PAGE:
We document the existence of a gubernatorial election cycle in state executions, which suggests that election-year political considerations play a role in determining the timing of executions. Our analysis indicates that states are approximately 25 percent more likely to conduct executions in gubernatorial election years than in other years. We also find that elections have a larger effect on the probability that an African-American defendant will be executed in a given year than on the probability that a white defendant will be executed and that the overall effect of elections is largest in the South.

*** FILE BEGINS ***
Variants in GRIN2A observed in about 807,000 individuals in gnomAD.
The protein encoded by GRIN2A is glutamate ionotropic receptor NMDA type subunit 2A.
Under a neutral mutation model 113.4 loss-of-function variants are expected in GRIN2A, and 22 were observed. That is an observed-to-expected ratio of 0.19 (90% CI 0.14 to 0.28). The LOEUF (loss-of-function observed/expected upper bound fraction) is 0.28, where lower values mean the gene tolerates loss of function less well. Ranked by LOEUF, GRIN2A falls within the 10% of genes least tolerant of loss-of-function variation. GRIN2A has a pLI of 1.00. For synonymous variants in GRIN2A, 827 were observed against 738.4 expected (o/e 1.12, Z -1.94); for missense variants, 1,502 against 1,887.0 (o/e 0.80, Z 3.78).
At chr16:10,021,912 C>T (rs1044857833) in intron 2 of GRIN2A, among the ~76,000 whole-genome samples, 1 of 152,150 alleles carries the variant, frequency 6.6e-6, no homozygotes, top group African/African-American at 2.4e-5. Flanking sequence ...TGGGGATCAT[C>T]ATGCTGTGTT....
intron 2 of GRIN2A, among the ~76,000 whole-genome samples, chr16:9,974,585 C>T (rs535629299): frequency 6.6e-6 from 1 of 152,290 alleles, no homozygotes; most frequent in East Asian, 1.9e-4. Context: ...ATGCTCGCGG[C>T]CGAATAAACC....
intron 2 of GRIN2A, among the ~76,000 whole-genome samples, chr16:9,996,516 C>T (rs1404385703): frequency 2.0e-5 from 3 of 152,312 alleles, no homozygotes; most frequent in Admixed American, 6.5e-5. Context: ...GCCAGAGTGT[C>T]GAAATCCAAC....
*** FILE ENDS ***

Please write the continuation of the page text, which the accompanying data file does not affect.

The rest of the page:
|Original language||English (US)|
|Number of pages||25|
|Journal||Journal of Law and Economics|
|State||Published - Apr 2003|
ASJC Scopus subject areas
- Economics and Econometrics